“There is a little bit of a shift in the marketing mix,” Hendra said. “The mix is more toward the variable project side of the work versus fixed-in-place marketing plans. This is linked to client CFOs operating on a quarter-to-quarter basis and funding [marketing in] a different way.”
Mike O'Toole, president of PJA Advertising+Marketing, Cambridge, Mass., also noted that the budget planning process has changed as clients tighten their reins.
“Clients are saying they are looking very closely at the next quarter, and they want to evaluate their media spend,” he said. “We have been in some conversations in which clients were planning to launch a campaign but are either pulling it, reducing it or subjecting it to new scrutiny.”
PJA's clients include Boston Scientific, Novell Networks and Trend Micro.
O'Toole said the nature of the agency's work is changing as well.
“There are not as many big, integrated campaigns,” he said. “The projects tend to be smaller and more focused. Clients are saying, "In a tough economy, we want to make sure we have the right go-to-market message and be distinctive and clear before we invest any scarce dollars on promoting a product or service.' ”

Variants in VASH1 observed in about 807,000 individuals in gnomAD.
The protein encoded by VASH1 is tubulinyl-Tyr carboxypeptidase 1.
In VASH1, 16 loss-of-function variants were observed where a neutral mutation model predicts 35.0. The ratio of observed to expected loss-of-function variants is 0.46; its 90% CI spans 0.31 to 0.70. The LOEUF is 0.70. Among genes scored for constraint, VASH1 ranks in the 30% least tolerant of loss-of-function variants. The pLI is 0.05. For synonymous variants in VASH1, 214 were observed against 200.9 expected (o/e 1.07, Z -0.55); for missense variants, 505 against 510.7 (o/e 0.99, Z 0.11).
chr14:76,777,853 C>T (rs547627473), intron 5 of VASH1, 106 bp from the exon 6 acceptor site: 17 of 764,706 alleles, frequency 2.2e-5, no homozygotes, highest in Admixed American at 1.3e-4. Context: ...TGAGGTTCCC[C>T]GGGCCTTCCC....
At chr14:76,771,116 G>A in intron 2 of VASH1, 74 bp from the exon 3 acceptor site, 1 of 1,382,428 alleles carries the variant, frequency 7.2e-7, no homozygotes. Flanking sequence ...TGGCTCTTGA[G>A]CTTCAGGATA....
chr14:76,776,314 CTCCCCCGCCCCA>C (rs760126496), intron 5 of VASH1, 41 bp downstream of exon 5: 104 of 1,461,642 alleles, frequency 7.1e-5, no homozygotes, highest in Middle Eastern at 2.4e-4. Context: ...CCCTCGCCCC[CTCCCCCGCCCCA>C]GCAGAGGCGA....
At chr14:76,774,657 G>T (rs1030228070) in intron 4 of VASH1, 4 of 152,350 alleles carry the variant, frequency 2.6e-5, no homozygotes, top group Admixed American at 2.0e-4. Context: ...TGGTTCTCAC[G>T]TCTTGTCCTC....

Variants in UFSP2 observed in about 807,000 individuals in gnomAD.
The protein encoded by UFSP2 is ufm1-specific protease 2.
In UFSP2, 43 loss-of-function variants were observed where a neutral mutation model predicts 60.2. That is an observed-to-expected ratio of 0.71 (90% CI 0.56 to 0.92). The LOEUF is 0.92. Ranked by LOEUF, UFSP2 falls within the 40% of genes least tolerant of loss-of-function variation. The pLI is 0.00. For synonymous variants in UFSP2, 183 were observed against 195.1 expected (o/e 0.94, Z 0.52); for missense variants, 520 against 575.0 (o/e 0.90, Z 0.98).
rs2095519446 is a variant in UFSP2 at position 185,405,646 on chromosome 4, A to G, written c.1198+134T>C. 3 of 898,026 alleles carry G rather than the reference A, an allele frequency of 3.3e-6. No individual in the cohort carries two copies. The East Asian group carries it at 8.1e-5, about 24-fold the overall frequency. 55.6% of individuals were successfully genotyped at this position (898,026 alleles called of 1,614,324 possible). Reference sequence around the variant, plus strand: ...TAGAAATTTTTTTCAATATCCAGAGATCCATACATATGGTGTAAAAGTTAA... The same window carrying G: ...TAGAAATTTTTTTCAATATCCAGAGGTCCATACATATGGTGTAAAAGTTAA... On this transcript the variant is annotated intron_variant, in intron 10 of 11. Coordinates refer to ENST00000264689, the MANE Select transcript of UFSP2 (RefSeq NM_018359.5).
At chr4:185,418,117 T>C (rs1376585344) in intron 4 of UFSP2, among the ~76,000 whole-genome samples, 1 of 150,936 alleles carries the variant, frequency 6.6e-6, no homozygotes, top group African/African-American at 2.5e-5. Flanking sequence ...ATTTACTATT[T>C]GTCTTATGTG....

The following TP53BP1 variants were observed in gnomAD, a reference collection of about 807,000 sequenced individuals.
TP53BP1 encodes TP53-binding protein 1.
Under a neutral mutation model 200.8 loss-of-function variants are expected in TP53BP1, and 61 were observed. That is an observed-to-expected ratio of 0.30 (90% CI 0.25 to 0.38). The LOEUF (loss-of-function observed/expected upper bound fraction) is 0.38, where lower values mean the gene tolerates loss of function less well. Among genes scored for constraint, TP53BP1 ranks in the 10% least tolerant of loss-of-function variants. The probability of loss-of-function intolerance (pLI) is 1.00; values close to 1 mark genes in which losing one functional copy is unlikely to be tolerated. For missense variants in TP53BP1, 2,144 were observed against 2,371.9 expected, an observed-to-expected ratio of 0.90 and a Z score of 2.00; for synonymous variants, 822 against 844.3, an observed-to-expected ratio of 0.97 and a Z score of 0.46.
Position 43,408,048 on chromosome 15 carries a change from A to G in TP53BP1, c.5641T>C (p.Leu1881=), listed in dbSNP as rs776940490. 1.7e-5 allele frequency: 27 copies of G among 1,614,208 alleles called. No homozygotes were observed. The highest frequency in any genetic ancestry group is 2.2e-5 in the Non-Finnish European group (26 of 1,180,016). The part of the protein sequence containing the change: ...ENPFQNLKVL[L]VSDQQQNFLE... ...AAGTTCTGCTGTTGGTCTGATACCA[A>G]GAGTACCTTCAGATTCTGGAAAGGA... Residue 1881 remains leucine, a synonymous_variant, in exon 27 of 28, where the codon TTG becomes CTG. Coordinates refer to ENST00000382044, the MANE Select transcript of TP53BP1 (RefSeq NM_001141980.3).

Hendra said clients have higher expectations of their agency partners in these tough times. “Clients are looking for greater value from their agencies and [for] premium creativity,” she said. “Clients will pay almost any price if it's working for their brands.”
To address these needs, Ogilvy is restructuring its operations to foster more transparent work processes and moving into a new Manhattan building with an open floor plan. It is also developing automated tools and technologies to deliver marketing programs at lower cost and greater speed, Hendra said.